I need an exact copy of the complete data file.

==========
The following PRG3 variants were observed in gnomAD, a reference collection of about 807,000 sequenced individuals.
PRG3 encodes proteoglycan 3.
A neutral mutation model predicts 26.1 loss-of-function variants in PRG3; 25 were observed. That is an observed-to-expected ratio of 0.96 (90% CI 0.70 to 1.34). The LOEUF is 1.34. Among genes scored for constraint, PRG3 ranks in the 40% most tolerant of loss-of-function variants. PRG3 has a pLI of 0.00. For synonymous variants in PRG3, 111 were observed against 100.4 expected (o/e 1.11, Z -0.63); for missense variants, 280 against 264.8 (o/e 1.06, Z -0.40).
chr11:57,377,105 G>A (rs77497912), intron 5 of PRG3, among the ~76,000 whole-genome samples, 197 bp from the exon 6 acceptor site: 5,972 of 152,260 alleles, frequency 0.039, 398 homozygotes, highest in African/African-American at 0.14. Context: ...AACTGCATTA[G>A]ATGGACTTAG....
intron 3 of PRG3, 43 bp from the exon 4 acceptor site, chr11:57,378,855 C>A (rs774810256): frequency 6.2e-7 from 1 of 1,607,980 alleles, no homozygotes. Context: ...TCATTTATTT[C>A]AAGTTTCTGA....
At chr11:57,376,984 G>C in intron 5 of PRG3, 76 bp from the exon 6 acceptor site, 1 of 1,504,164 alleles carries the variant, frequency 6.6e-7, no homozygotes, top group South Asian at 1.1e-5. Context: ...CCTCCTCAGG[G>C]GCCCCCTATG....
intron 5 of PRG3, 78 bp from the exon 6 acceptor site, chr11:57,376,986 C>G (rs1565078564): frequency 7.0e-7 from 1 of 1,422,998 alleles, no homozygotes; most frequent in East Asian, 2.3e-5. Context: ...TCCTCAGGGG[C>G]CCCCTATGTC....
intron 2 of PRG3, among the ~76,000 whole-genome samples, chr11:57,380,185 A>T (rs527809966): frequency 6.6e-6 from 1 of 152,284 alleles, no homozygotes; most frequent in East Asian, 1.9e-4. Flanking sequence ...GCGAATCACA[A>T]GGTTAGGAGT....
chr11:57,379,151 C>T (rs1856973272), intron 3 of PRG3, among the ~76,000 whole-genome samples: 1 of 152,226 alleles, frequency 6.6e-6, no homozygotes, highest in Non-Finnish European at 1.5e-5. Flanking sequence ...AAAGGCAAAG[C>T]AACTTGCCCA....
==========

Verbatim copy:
The following PRG3 variants were observed in gnomAD, a reference collection of about 807,000 sequenced individuals.
PRG3 encodes proteoglycan 3.
A neutral mutation model predicts 26.1 loss-of-function variants in PRG3; 25 were observed. That is an observed-to-expected ratio of 0.96 (90% CI 0.70 to 1.34). The LOEUF is 1.34. Among genes scored for constraint, PRG3 ranks in the 40% most tolerant of loss-of-function variants. PRG3 has a pLI of 0.00. For synonymous variants in PRG3, 111 were observed against 100.4 expected (o/e 1.11, Z -0.63); for missense variants, 280 against 264.8 (o/e 1.06, Z -0.40).
chr11:57,377,105 G>A (rs77497912), intron 5 of PRG3, among the ~76,000 whole-genome samples, 197 bp from the exon 6 acceptor site: 5,972 of 152,260 alleles, frequency 0.039, 398 homozygotes, highest in African/African-American at 0.14. Context: ...AACTGCATTA[G>A]ATGGACTTAG....
intron 3 of PRG3, 43 bp from the exon 4 acceptor site, chr11:57,378,855 C>A (rs774810256): frequency 6.2e-7 from 1 of 1,607,980 alleles, no homozygotes. Context: ...TCATTTATTT[C>A]AAGTTTCTGA....
At chr11:57,376,984 G>C in intron 5 of PRG3, 76 bp from the exon 6 acceptor site, 1 of 1,504,164 alleles carries the variant, frequency 6.6e-7, no homozygotes, top group South Asian at 1.1e-5. Context: ...CCTCCTCAGG[G>C]GCCCCCTATG....
intron 5 of PRG3, 78 bp from the exon 6 acceptor site, chr11:57,376,986 C>G (rs1565078564): frequency 7.0e-7 from 1 of 1,422,998 alleles, no homozygotes; most frequent in East Asian, 2.3e-5. Context: ...TCCTCAGGGG[C>G]CCCCTATGTC....
intron 2 of PRG3, among the ~76,000 whole-genome samples, chr11:57,380,185 A>T (rs527809966): frequency 6.6e-6 from 1 of 152,284 alleles, no homozygotes; most frequent in East Asian, 1.9e-4. Flanking sequence ...GCGAATCACA[A>T]GGTTAGGAGT....
chr11:57,379,151 C>T (rs1856973272), intron 3 of PRG3, among the ~76,000 whole-genome samples: 1 of 152,226 alleles, frequency 6.6e-6, no homozygotes, highest in Non-Finnish European at 1.5e-5. Flanking sequence ...AAAGGCAAAG[C>T]AACTTGCCCA....